I took this photo a few weeks back in Kuopio. It got to me thinking about J.V. Snellman. I knew he was an important statesman from Finnish history, but I couldn't recall much more. In other words, time for a bit of a refresher.
Johan Vilhelm Snellman was a highly popular lecturer at the University of Helsinki in the 1830s. His ideas ultimately clashed with the agenda of the imperial government and he was removed from his position.
Eventually he took up a post as a headmaster of a school in Kuopio and began to publish fiercely pro-Finnish language periodicals. Among other things he felt that the nobles and upper classes had a duty to use Finnish - the language of 85% of the population.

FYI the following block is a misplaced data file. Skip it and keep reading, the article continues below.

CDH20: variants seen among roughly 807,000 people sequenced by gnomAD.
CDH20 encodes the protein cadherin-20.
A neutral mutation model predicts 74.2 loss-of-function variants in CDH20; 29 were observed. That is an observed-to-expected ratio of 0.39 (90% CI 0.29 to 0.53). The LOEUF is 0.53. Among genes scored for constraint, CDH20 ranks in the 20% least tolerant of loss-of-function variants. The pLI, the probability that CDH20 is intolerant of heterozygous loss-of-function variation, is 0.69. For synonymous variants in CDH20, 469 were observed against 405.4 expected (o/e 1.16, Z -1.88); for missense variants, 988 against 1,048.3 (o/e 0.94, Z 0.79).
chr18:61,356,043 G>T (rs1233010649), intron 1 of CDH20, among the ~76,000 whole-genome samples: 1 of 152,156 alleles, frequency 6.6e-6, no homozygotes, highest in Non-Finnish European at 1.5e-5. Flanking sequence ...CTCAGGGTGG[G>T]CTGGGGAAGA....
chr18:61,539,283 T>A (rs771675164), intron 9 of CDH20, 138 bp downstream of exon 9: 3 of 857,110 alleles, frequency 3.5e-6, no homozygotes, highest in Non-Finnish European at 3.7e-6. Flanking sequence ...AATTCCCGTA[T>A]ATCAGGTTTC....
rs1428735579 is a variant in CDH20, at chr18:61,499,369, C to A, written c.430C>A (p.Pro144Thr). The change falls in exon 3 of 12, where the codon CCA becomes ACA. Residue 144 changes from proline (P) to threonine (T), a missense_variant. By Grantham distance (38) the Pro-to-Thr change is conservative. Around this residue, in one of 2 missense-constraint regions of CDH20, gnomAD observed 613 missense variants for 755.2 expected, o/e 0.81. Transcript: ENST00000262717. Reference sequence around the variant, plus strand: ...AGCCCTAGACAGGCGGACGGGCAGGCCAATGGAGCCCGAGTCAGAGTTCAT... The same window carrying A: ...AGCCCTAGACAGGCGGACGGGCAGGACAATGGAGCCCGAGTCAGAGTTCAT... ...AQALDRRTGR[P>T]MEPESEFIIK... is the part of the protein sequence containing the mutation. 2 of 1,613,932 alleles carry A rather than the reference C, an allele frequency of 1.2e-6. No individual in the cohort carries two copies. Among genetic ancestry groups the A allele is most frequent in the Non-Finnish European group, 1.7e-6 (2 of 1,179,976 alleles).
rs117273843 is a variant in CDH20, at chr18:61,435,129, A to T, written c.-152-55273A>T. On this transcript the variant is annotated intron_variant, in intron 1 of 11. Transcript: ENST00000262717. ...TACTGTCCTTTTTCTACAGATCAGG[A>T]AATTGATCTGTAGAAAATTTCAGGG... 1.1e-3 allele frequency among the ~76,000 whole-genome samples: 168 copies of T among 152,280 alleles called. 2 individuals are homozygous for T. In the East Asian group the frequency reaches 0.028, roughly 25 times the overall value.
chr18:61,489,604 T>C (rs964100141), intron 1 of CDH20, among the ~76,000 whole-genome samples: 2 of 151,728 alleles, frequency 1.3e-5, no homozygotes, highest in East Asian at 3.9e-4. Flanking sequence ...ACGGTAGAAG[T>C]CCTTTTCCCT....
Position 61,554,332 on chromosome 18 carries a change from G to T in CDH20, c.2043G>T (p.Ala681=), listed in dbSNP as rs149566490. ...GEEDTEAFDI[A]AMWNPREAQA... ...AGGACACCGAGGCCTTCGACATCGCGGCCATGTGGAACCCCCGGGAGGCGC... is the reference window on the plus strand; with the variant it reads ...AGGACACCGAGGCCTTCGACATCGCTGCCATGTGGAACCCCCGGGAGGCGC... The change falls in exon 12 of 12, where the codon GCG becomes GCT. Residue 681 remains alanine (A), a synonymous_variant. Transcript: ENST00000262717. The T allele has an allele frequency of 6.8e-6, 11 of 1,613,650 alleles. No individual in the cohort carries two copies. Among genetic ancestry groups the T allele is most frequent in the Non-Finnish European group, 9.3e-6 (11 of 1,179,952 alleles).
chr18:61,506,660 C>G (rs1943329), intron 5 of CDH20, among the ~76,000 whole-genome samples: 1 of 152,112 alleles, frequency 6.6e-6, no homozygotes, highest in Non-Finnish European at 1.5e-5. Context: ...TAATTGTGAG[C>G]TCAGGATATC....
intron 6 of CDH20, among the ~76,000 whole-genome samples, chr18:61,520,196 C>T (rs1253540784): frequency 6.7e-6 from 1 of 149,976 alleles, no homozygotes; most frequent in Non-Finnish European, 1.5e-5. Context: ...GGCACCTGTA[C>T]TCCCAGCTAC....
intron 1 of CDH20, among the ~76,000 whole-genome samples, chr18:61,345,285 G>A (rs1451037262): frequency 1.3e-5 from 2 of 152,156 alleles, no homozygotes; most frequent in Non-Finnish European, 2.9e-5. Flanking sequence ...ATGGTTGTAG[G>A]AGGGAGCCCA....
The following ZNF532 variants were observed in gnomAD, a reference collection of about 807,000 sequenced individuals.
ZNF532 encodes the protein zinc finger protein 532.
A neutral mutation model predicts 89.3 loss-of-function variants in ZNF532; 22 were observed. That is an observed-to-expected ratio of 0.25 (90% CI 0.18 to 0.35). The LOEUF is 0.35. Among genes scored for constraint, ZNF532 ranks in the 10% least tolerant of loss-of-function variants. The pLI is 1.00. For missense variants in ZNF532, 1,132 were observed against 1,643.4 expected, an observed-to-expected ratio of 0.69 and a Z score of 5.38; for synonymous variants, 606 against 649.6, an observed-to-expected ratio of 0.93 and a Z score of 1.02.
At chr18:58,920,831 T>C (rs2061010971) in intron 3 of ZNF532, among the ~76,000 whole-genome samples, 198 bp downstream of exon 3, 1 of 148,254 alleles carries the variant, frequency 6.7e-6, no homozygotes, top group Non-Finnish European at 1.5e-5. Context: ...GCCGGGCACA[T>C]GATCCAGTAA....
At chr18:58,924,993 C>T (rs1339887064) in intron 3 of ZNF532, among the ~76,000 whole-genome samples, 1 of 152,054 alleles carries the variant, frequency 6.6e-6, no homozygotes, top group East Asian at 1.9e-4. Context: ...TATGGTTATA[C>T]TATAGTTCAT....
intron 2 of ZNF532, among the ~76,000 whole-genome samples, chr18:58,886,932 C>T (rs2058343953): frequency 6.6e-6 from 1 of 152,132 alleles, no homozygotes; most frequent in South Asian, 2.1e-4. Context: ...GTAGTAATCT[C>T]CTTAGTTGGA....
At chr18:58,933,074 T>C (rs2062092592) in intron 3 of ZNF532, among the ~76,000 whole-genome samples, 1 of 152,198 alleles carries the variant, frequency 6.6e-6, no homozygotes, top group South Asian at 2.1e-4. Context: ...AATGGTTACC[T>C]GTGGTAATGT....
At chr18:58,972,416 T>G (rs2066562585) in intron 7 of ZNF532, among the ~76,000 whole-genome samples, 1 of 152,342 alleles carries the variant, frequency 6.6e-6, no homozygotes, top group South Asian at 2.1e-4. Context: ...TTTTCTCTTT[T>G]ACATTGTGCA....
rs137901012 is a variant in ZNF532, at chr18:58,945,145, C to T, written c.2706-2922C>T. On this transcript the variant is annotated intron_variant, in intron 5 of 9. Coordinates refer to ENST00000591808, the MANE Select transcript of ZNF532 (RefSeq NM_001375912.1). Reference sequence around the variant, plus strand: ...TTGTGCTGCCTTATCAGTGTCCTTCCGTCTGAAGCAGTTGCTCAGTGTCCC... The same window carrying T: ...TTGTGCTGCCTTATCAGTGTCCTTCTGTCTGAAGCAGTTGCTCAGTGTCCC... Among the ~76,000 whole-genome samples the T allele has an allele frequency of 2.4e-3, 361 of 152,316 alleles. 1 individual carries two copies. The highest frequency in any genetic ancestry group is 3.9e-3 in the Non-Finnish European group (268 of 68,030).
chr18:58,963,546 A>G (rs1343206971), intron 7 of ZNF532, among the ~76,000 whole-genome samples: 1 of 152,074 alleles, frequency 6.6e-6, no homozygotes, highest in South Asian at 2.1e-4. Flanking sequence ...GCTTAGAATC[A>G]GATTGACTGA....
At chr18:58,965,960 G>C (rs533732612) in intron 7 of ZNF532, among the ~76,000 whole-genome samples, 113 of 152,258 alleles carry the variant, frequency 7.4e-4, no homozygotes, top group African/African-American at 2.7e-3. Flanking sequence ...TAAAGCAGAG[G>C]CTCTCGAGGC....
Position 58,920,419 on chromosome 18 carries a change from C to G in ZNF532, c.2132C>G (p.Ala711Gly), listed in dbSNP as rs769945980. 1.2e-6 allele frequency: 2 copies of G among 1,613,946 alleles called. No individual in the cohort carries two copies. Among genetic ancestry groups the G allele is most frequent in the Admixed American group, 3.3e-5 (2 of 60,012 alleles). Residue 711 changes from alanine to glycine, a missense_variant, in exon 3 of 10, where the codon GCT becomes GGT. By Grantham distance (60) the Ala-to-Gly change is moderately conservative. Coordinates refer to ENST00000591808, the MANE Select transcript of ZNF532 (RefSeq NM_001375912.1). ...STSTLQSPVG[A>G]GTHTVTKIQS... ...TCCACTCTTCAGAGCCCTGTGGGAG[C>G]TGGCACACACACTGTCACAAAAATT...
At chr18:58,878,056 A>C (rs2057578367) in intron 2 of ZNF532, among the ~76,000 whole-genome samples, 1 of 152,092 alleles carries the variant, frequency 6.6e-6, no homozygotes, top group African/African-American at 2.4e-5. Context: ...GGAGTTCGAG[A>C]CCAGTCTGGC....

These opinions once again cost him his job. In 1856 the political climate had relaxed enough for Snellman to be granted a professorship at the University of Helsinki.
In 1863 he became Senator and was appointed Chancellor of the Exchequer. He helped to establish a language decree that gave the Finnish language a position equal to Swedish in government. He also helped to reestablish the Finnish parliament, and helped to create an official currency for Finland - the now defunct Markka.
Snellman's popularity began to wane. The age gap between himself and the new generation of opposition, his inflexibility, and his reputation as an old agitator didn't help much. He was forced to resign from the Senate in 1868.